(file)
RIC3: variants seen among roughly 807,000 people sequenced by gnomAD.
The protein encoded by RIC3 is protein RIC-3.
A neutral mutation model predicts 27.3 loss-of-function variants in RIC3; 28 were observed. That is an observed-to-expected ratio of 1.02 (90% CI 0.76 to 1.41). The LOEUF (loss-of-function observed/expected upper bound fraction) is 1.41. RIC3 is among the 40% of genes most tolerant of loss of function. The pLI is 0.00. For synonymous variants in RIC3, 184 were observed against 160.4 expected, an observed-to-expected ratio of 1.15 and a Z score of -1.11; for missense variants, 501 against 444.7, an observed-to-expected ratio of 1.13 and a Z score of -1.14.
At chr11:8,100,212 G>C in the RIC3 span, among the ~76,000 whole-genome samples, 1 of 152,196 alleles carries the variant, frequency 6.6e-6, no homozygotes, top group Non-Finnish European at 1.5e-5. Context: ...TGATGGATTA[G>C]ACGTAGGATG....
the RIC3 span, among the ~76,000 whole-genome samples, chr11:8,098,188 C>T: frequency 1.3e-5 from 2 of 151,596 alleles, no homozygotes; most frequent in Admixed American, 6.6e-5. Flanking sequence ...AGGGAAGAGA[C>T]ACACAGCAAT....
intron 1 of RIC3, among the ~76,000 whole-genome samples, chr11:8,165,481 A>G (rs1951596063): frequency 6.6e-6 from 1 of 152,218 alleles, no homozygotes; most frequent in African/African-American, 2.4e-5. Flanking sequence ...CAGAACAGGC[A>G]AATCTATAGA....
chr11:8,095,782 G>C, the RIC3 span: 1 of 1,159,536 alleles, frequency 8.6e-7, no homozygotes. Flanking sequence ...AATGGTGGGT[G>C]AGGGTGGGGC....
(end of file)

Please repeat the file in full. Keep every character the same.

RIC3: variants seen among roughly 807,000 people sequenced by gnomAD.
The protein encoded by RIC3 is protein RIC-3.
A neutral mutation model predicts 27.3 loss-of-function variants in RIC3; 28 were observed. That is an observed-to-expected ratio of 1.02 (90% CI 0.76 to 1.41). The LOEUF (loss-of-function observed/expected upper bound fraction) is 1.41. RIC3 is among the 40% of genes most tolerant of loss of function. The pLI is 0.00. For synonymous variants in RIC3, 184 were observed against 160.4 expected, an observed-to-expected ratio of 1.15 and a Z score of -1.11; for missense variants, 501 against 444.7, an observed-to-expected ratio of 1.13 and a Z score of -1.14.
At chr11:8,100,212 G>C in the RIC3 span, among the ~76,000 whole-genome samples, 1 of 152,196 alleles carries the variant, frequency 6.6e-6, no homozygotes, top group Non-Finnish European at 1.5e-5. Context: ...TGATGGATTA[G>C]ACGTAGGATG....
the RIC3 span, among the ~76,000 whole-genome samples, chr11:8,098,188 C>T: frequency 1.3e-5 from 2 of 151,596 alleles, no homozygotes; most frequent in Admixed American, 6.6e-5. Flanking sequence ...AGGGAAGAGA[C>T]ACACAGCAAT....
intron 1 of RIC3, among the ~76,000 whole-genome samples, chr11:8,165,481 A>G (rs1951596063): frequency 6.6e-6 from 1 of 152,218 alleles, no homozygotes; most frequent in African/African-American, 2.4e-5. Flanking sequence ...CAGAACAGGC[A>G]AATCTATAGA....
chr11:8,095,782 G>C, the RIC3 span: 1 of 1,159,536 alleles, frequency 8.6e-7, no homozygotes. Flanking sequence ...AATGGTGGGT[G>C]AGGGTGGGGC....